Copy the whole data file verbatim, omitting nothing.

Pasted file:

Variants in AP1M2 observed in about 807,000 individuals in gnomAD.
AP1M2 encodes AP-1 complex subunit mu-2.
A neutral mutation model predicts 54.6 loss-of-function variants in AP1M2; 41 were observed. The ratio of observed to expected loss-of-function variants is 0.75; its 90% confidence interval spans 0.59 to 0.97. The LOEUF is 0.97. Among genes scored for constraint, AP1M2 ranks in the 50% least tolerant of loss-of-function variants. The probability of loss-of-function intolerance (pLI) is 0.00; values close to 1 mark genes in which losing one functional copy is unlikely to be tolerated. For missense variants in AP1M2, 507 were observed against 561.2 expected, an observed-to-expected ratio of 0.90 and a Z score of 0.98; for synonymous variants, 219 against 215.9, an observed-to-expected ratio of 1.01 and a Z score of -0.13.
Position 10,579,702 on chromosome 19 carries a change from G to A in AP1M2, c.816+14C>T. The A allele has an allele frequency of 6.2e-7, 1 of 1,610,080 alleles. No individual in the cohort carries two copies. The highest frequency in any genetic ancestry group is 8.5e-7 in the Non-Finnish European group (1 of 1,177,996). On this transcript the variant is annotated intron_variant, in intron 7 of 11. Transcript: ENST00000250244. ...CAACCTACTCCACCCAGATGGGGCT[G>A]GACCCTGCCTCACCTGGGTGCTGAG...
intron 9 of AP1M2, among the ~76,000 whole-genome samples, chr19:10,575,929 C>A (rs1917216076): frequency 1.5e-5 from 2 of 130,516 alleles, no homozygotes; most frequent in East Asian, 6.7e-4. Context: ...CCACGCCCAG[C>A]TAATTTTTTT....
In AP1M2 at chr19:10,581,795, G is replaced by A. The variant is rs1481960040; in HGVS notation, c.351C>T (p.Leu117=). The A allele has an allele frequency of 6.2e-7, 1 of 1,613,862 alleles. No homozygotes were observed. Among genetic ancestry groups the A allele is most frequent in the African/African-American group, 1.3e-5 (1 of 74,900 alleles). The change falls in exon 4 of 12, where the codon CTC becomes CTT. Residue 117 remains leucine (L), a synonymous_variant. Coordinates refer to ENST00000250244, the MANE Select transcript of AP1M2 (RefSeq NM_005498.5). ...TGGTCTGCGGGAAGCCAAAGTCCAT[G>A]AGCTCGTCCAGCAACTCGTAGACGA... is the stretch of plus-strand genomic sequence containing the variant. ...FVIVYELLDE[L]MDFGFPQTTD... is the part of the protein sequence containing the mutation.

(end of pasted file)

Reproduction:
Variants in AP1M2 observed in about 807,000 individuals in gnomAD.
AP1M2 encodes AP-1 complex subunit mu-2.
A neutral mutation model predicts 54.6 loss-of-function variants in AP1M2; 41 were observed. The ratio of observed to expected loss-of-function variants is 0.75; its 90% confidence interval spans 0.59 to 0.97. The LOEUF is 0.97. Among genes scored for constraint, AP1M2 ranks in the 50% least tolerant of loss-of-function variants. The probability of loss-of-function intolerance (pLI) is 0.00; values close to 1 mark genes in which losing one functional copy is unlikely to be tolerated. For missense variants in AP1M2, 507 were observed against 561.2 expected, an observed-to-expected ratio of 0.90 and a Z score of 0.98; for synonymous variants, 219 against 215.9, an observed-to-expected ratio of 1.01 and a Z score of -0.13.
Position 10,579,702 on chromosome 19 carries a change from G to A in AP1M2, c.816+14C>T. The A allele has an allele frequency of 6.2e-7, 1 of 1,610,080 alleles. No individual in the cohort carries two copies. The highest frequency in any genetic ancestry group is 8.5e-7 in the Non-Finnish European group (1 of 1,177,996). On this transcript the variant is annotated intron_variant, in intron 7 of 11. Transcript: ENST00000250244. ...CAACCTACTCCACCCAGATGGGGCT[G>A]GACCCTGCCTCACCTGGGTGCTGAG...
intron 9 of AP1M2, among the ~76,000 whole-genome samples, chr19:10,575,929 C>A (rs1917216076): frequency 1.5e-5 from 2 of 130,516 alleles, no homozygotes; most frequent in East Asian, 6.7e-4. Context: ...CCACGCCCAG[C>A]TAATTTTTTT....
In AP1M2 at chr19:10,581,795, G is replaced by A. The variant is rs1481960040; in HGVS notation, c.351C>T (p.Leu117=). The A allele has an allele frequency of 6.2e-7, 1 of 1,613,862 alleles. No homozygotes were observed. Among genetic ancestry groups the A allele is most frequent in the African/African-American group, 1.3e-5 (1 of 74,900 alleles). The change falls in exon 4 of 12, where the codon CTC becomes CTT. Residue 117 remains leucine (L), a synonymous_variant. Coordinates refer to ENST00000250244, the MANE Select transcript of AP1M2 (RefSeq NM_005498.5). ...TGGTCTGCGGGAAGCCAAAGTCCAT[G>A]AGCTCGTCCAGCAACTCGTAGACGA... is the stretch of plus-strand genomic sequence containing the variant. ...FVIVYELLDE[L]MDFGFPQTTD... is the part of the protein sequence containing the mutation.